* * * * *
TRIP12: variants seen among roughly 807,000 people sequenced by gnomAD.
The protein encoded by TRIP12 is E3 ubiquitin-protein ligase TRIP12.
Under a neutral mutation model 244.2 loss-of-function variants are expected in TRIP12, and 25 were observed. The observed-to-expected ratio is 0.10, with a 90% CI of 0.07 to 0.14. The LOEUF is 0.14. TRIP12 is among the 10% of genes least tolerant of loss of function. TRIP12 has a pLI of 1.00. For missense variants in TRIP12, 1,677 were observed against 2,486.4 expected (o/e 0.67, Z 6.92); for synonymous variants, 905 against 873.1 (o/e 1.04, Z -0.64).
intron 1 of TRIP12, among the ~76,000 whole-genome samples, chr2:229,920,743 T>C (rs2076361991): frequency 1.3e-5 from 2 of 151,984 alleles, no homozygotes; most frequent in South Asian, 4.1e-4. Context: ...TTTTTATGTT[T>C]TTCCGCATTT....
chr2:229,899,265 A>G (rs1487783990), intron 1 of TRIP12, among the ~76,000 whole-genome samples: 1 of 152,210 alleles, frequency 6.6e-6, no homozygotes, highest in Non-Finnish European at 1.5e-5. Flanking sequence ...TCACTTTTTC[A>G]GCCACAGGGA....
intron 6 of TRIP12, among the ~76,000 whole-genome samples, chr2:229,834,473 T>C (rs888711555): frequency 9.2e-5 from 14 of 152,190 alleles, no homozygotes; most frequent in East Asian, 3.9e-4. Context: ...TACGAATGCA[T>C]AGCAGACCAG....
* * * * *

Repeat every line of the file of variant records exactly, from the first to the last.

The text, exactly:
TRIP12: variants seen among roughly 807,000 people sequenced by gnomAD.
The protein encoded by TRIP12 is E3 ubiquitin-protein ligase TRIP12.
Under a neutral mutation model 244.2 loss-of-function variants are expected in TRIP12, and 25 were observed. The observed-to-expected ratio is 0.10, with a 90% CI of 0.07 to 0.14. The LOEUF is 0.14. TRIP12 is among the 10% of genes least tolerant of loss of function. TRIP12 has a pLI of 1.00. For missense variants in TRIP12, 1,677 were observed against 2,486.4 expected (o/e 0.67, Z 6.92); for synonymous variants, 905 against 873.1 (o/e 1.04, Z -0.64).
intron 1 of TRIP12, among the ~76,000 whole-genome samples, chr2:229,920,743 T>C (rs2076361991): frequency 1.3e-5 from 2 of 151,984 alleles, no homozygotes; most frequent in South Asian, 4.1e-4. Context: ...TTTTTATGTT[T>C]TTCCGCATTT....
chr2:229,899,265 A>G (rs1487783990), intron 1 of TRIP12, among the ~76,000 whole-genome samples: 1 of 152,210 alleles, frequency 6.6e-6, no homozygotes, highest in Non-Finnish European at 1.5e-5. Flanking sequence ...TCACTTTTTC[A>G]GCCACAGGGA....
intron 6 of TRIP12, among the ~76,000 whole-genome samples, chr2:229,834,473 T>C (rs888711555): frequency 9.2e-5 from 14 of 152,190 alleles, no homozygotes; most frequent in East Asian, 3.9e-4. Context: ...TACGAATGCA[T>C]AGCAGACCAG....